Research ArticleCORONAVIRUS

Immune responses to SARS-CoV-2 infection in hospitalized pediatric and adult patients

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Science Translational Medicine  07 Oct 2020:
Vol. 12, Issue 564, eabd5487
DOI: 10.1126/scitranslmed.abd5487

Elucidating immune responses in COVID-19

Compared to adults, young people with COVID-19 have milder disease. Pierce et al. compared immune responses in hospitalized adult and young patients with COVID-19 to identify potential contributing mechanisms. In the first week after hospitalization, circulating IL-17A and IFN-γ concentrations were inversely related to age. More than 3 weeks later, CD4+ T cell responses to viral spike protein were higher in adult compared to younger patients. Neutralizing antibody titers were also higher in adults and correlated positively with age and negatively with IL-17A and IFN-γ. These findings suggest that the poor outcome in adults is not caused by a failure to generate adaptive immune responses.

Abstract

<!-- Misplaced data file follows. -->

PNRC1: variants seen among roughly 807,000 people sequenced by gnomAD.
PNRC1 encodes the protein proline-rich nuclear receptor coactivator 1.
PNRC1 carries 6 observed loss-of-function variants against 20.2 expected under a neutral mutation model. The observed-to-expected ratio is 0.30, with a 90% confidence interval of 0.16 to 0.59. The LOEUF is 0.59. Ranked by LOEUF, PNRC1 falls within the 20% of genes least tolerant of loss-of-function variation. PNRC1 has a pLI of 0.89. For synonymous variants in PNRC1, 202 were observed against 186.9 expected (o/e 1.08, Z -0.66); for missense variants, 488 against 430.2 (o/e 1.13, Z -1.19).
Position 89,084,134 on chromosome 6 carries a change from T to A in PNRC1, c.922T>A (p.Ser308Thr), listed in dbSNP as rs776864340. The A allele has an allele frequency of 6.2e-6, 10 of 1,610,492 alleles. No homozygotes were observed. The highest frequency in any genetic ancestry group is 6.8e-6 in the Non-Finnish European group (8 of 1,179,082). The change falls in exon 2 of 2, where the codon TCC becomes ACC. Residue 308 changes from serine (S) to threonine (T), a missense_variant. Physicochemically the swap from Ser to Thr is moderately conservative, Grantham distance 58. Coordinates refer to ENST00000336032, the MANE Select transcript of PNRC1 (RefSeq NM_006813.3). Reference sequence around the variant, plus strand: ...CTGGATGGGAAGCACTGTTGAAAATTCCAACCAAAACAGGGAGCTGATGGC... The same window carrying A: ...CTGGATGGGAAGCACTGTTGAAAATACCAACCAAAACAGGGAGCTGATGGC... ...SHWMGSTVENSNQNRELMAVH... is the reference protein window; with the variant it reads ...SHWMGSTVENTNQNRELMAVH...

Children and youth infected with severe acute respiratory syndrome coronavirus 2 (SARS-CoV-2) have milder disease than do adults, and even among those with the recently described multisystem inflammatory syndrome, mortality is rare. The reasons for the differences in clinical manifestations are unknown but suggest that age-dependent factors may modulate the antiviral immune response. We compared cytokine, humoral, and cellular immune responses in pediatric (children and youth, age <24 years) (n = 65) and adult (n = 60) patients with coronavirus disease 2019 (COVID-19) at a metropolitan hospital system in New York City. The pediatric patients had a shorter length of stay, decreased requirement for mechanical ventilation, and lower mortality compared to adults. The serum concentrations of interleukin-17A (IL-17A) and interferon-γ (IFN-γ), but not tumor necrosis factor–α (TNF-α) or IL-6, were inversely related to age. Adults mounted a more robust T cell response to the viral spike protein compared to pediatric patients as evidenced by increased expression of CD25+ on CD4+ T cells and the frequency of IFN-γ+ CD4+ T cells. Moreover, serum neutralizing antibody titers and antibody-dependent cellular phagocytosis were higher in adults compared to pediatric patients with COVID-19. The neutralizing antibody titer correlated positively with age and negatively with IL-17A and IFN-γ serum concentrations. There were no differences in anti-spike protein antibody titers to other human coronaviruses. Together, these findings demonstrate that the poor outcome in hospitalized adults with COVID-19 compared to children may not be attributable to a failure to generate adaptive immune responses.

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